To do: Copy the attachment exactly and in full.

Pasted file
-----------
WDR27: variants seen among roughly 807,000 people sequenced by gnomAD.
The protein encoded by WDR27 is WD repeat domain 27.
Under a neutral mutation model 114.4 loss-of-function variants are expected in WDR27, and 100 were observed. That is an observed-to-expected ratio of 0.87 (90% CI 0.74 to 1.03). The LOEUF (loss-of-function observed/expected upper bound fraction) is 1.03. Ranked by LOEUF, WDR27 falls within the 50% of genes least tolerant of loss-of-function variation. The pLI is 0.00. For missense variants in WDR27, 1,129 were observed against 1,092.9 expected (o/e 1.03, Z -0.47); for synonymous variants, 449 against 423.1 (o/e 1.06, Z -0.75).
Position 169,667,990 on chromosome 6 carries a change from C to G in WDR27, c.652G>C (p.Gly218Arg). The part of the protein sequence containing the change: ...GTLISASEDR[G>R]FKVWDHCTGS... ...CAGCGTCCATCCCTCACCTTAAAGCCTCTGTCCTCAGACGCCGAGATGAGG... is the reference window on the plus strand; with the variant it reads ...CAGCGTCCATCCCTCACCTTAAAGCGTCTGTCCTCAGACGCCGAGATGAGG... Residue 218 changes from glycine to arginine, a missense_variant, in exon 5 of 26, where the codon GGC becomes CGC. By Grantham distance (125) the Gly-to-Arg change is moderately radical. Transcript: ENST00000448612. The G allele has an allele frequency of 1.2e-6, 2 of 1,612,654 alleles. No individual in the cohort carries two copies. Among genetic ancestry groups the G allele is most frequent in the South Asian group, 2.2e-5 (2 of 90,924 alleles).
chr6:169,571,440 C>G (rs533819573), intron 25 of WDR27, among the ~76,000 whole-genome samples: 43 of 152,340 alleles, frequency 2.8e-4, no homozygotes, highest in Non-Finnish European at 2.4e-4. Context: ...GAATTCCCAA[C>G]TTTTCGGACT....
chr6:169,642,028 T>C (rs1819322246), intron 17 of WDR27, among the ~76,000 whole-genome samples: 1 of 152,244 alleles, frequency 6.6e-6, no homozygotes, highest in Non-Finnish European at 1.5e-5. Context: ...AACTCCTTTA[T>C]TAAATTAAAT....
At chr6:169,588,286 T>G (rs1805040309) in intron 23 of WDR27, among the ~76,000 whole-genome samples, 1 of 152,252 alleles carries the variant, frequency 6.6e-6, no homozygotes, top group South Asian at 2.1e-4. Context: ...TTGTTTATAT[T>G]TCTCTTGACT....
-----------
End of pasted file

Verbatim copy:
WDR27: variants seen among roughly 807,000 people sequenced by gnomAD.
The protein encoded by WDR27 is WD repeat domain 27.
Under a neutral mutation model 114.4 loss-of-function variants are expected in WDR27, and 100 were observed. That is an observed-to-expected ratio of 0.87 (90% CI 0.74 to 1.03). The LOEUF (loss-of-function observed/expected upper bound fraction) is 1.03. Ranked by LOEUF, WDR27 falls within the 50% of genes least tolerant of loss-of-function variation. The pLI is 0.00. For missense variants in WDR27, 1,129 were observed against 1,092.9 expected (o/e 1.03, Z -0.47); for synonymous variants, 449 against 423.1 (o/e 1.06, Z -0.75).
Position 169,667,990 on chromosome 6 carries a change from C to G in WDR27, c.652G>C (p.Gly218Arg). The part of the protein sequence containing the change: ...GTLISASEDR[G>R]FKVWDHCTGS... ...CAGCGTCCATCCCTCACCTTAAAGCCTCTGTCCTCAGACGCCGAGATGAGG... is the reference window on the plus strand; with the variant it reads ...CAGCGTCCATCCCTCACCTTAAAGCGTCTGTCCTCAGACGCCGAGATGAGG... Residue 218 changes from glycine to arginine, a missense_variant, in exon 5 of 26, where the codon GGC becomes CGC. By Grantham distance (125) the Gly-to-Arg change is moderately radical. Transcript: ENST00000448612. The G allele has an allele frequency of 1.2e-6, 2 of 1,612,654 alleles. No individual in the cohort carries two copies. Among genetic ancestry groups the G allele is most frequent in the South Asian group, 2.2e-5 (2 of 90,924 alleles).
chr6:169,571,440 C>G (rs533819573), intron 25 of WDR27, among the ~76,000 whole-genome samples: 43 of 152,340 alleles, frequency 2.8e-4, no homozygotes, highest in Non-Finnish European at 2.4e-4. Context: ...GAATTCCCAA[C>G]TTTTCGGACT....
chr6:169,642,028 T>C (rs1819322246), intron 17 of WDR27, among the ~76,000 whole-genome samples: 1 of 152,244 alleles, frequency 6.6e-6, no homozygotes, highest in Non-Finnish European at 1.5e-5. Context: ...AACTCCTTTA[T>C]TAAATTAAAT....
At chr6:169,588,286 T>G (rs1805040309) in intron 23 of WDR27, among the ~76,000 whole-genome samples, 1 of 152,252 alleles carries the variant, frequency 6.6e-6, no homozygotes, top group South Asian at 2.1e-4. Context: ...TTGTTTATAT[T>G]TCTCTTGACT....